Casio Exilim FH20 – Good Camera Packed With Great Features

The FH20  has a smaller, lighter body than the rather bulky F1, something far more in line with other recent super-zoom cameras such as the Nikon P90 or Olympus SP-590UZ. It’s still quite far from petite, measuring 122.6 x 81.4 x 84.5mm and weighing a hefty 585g including four AA alkaline batteries, but it is very solidly made and the large comfortable rubber-coated handgrip provides superb handling. Of the super-zoom cameras I’ve looked at recently it’s certainly the nicest to hold.

In terms of performance it almost goes without saying that the EX-FH20 is very impressive, although it’s a bit slow to start up and shut down again, taking a little under four seconds for either operation. However in single shot mode at the highest resolution it can shoot very quickly, managing a frame every 1.3 seconds. I’ve already covered the camera’s remarkable performance in its numerous continuous shooting modes.

As usual with Casio cameras the autofocus system is very fast, and operates very well in low light or at longer zoom ranges, although like many zoom cameras it has some problems coping with both low light and extreme magnification. The camera has a bright green AF assist lamp with a range of about two metres for shooting in very low light conditions.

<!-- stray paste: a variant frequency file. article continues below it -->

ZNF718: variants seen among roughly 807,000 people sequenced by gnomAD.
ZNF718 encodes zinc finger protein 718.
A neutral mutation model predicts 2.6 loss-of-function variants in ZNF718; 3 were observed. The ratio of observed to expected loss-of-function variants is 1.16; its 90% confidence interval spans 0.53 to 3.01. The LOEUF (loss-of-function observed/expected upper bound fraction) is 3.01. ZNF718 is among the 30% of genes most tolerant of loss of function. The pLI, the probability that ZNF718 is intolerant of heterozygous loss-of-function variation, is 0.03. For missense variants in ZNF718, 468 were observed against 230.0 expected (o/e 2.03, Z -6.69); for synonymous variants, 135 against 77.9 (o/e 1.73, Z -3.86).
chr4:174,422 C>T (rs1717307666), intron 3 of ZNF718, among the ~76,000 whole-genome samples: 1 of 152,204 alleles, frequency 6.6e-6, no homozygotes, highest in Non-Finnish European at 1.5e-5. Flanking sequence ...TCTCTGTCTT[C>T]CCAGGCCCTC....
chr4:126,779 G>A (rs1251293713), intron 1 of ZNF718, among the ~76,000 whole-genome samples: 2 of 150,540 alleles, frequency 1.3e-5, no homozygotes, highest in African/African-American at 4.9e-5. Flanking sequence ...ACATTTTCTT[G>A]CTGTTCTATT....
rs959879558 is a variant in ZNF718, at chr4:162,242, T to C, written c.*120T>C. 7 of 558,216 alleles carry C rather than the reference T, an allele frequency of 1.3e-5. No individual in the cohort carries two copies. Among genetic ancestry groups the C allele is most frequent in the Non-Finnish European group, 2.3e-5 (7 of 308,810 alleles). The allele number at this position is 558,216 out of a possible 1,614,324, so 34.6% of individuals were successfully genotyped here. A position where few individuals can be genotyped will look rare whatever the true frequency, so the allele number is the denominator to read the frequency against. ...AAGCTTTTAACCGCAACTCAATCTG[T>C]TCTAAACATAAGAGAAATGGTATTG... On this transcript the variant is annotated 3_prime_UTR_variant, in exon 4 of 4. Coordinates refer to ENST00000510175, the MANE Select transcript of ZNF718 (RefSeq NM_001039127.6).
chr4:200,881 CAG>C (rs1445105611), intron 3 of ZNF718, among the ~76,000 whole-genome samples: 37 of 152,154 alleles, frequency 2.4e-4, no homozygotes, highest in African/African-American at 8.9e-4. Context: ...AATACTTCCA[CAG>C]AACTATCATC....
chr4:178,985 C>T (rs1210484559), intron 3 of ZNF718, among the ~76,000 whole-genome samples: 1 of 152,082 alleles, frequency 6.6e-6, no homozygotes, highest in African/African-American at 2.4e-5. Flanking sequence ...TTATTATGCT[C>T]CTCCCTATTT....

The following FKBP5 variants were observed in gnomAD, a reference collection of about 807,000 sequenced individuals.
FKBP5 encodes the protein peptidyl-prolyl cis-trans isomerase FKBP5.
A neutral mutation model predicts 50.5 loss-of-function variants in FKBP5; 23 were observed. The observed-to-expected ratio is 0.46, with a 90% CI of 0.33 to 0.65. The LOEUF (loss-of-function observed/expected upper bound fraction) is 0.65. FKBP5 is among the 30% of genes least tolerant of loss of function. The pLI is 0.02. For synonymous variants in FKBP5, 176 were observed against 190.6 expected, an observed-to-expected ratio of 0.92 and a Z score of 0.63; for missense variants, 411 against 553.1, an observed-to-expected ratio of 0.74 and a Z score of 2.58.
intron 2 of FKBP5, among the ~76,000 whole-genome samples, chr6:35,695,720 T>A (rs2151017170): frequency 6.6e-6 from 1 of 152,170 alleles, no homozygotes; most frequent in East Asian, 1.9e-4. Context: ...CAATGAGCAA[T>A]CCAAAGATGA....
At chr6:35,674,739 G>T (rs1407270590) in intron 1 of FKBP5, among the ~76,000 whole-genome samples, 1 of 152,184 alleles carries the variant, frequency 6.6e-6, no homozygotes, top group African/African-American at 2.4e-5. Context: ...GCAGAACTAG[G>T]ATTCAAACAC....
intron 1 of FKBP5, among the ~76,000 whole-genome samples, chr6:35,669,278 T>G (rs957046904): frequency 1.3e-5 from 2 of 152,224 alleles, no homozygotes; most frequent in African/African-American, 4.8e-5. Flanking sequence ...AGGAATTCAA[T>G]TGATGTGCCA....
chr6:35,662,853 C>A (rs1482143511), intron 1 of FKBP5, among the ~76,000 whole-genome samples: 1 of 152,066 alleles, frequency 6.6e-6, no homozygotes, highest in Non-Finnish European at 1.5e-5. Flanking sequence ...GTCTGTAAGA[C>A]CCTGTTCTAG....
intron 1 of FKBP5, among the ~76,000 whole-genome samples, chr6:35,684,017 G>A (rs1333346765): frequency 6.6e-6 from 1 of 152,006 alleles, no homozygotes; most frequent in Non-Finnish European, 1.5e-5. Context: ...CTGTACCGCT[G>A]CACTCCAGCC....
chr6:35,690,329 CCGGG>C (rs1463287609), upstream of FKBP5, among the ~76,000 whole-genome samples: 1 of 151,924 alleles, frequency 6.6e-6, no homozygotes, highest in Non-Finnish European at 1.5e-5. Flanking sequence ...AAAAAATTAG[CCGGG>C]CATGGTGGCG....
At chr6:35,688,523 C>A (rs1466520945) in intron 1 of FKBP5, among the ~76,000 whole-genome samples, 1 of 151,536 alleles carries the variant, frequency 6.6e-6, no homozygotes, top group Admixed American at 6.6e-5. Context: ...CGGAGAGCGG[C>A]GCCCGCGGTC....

The Casio Exilifilm FH20 is a very versatile camera, but as is often the case with hybrid or multi-purpose gadgets it doesn’t do any one task particularly well, when compared to dedicated single-function products. It can shoot HD video, but not as well as a camcorder; it can take still images, but not as well as other recent super-zooms. Even its party-trick high-speed capabilities are eclipsed by its own stablemate the EX-F1, or the slightly cheaper FC100. It’s quite a nice camera to use, but is that enough?

The Verdict

While the Exilim EX-FH20 is an attractively designed and well made camera with superb handling and outstanding performance. It has some almost unique features, and although the high-speed continuous shooting is great for action photography, the 1000fps video mode is little more than just a novelty. Image noise can be problem.

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